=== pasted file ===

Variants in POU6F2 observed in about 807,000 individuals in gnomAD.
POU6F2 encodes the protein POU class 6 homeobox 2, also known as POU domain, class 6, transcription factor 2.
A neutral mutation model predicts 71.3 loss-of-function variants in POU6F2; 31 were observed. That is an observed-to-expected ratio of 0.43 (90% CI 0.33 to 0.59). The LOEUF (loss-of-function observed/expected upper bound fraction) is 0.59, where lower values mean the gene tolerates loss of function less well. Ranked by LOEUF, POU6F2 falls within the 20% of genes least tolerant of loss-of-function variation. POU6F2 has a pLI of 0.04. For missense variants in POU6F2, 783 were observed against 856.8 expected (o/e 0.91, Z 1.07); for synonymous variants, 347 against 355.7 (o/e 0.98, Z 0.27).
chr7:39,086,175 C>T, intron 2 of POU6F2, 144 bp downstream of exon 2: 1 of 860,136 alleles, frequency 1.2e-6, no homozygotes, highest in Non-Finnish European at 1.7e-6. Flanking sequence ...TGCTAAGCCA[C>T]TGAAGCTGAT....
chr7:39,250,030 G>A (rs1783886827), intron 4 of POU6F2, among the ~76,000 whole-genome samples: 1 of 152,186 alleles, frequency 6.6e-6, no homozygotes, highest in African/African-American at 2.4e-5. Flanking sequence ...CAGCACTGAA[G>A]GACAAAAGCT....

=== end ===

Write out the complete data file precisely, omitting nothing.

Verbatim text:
Variants in POU6F2 observed in about 807,000 individuals in gnomAD.
POU6F2 encodes the protein POU class 6 homeobox 2, also known as POU domain, class 6, transcription factor 2.
A neutral mutation model predicts 71.3 loss-of-function variants in POU6F2; 31 were observed. That is an observed-to-expected ratio of 0.43 (90% CI 0.33 to 0.59). The LOEUF (loss-of-function observed/expected upper bound fraction) is 0.59, where lower values mean the gene tolerates loss of function less well. Ranked by LOEUF, POU6F2 falls within the 20% of genes least tolerant of loss-of-function variation. POU6F2 has a pLI of 0.04. For missense variants in POU6F2, 783 were observed against 856.8 expected (o/e 0.91, Z 1.07); for synonymous variants, 347 against 355.7 (o/e 0.98, Z 0.27).
chr7:39,086,175 C>T, intron 2 of POU6F2, 144 bp downstream of exon 2: 1 of 860,136 alleles, frequency 1.2e-6, no homozygotes, highest in Non-Finnish European at 1.7e-6. Flanking sequence ...TGCTAAGCCA[C>T]TGAAGCTGAT....
chr7:39,250,030 G>A (rs1783886827), intron 4 of POU6F2, among the ~76,000 whole-genome samples: 1 of 152,186 alleles, frequency 6.6e-6, no homozygotes, highest in African/African-American at 2.4e-5. Flanking sequence ...CAGCACTGAA[G>A]GACAAAAGCT....